I have written perhaps too much about paywalls. I even sort of vowed once to stop writing about them (fortunately I hedged it). I think maybe I kept writing about them in hopes of someday expressing my doubts about paywalls as clearly as Mathew Ingram and Dave Winer did today.
Ingram cites three reasons newspapers shouldn’t charge for their digital content:
- “Paywalls restrict the flow of content.”
- “Paywalls are backward-looking, not forward-looking.”
- “Newspapers need to adapt, not retrench.”
Ingram had an appropriate observation about the supposed success of that strategy.
Everyone seems to have decided the New York Times paywall is a success because it has about 400,000 subscribers and it is bringing in an estimated $35 million in revenue. But that is still a drop in the bucket: according to the paper’s recent results, one of the world’s most successful paywalls is not even making up for the continuing decline in print ad revenue.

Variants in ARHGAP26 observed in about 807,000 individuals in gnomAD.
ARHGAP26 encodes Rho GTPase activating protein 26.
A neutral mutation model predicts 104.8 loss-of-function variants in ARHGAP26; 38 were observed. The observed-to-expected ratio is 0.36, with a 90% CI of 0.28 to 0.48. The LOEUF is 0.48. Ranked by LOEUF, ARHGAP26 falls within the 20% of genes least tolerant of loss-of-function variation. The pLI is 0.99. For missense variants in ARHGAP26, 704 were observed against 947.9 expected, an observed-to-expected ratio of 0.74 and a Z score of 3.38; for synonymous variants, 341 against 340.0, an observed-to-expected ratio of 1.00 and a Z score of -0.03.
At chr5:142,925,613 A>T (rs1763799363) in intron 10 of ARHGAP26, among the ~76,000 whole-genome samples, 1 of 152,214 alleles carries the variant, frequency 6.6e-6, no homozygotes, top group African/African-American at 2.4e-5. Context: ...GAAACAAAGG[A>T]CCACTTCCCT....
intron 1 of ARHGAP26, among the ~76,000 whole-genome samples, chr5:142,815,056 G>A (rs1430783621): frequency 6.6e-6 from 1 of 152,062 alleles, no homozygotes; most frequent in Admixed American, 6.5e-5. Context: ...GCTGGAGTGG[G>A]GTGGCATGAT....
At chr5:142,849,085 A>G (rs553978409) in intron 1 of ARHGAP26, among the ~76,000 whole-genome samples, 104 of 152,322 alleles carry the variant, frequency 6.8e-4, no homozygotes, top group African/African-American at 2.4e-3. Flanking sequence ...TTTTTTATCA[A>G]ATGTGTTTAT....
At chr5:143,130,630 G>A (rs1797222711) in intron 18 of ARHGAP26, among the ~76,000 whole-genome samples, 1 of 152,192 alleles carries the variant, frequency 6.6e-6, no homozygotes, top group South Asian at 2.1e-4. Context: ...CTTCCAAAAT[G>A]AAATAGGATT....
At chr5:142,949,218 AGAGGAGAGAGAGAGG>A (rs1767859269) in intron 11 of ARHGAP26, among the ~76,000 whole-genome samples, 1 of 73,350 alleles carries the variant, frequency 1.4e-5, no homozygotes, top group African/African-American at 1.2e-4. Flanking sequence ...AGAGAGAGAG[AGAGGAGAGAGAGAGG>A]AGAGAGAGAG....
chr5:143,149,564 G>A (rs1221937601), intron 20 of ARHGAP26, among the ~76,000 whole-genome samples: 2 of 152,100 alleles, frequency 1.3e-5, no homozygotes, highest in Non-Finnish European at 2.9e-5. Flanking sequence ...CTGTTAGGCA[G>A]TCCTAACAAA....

Before I could weigh in with my praise for Ingram’s piece, Winer beat me to it:
Paywalls express a desperate wish to go back to a time when there was a reason to pay. … What paywalls are really asking is how are the news people of the past going to hold their lock on the flow of information in the future. And that’s not a great question, because the answer is they aren’t.
Ingram and Winer make their points so well that I’m not going to elaborate on them here, except to encourage you to read them.
And I’ll wrap up with one question: Do you think Facebook and Google are making plans for their paywalls?
Update: This Matt Stempeck interview with Richard Gingras of Google covers a lot more ground than paywalls. But his paywall answer certainly fits in this discussion.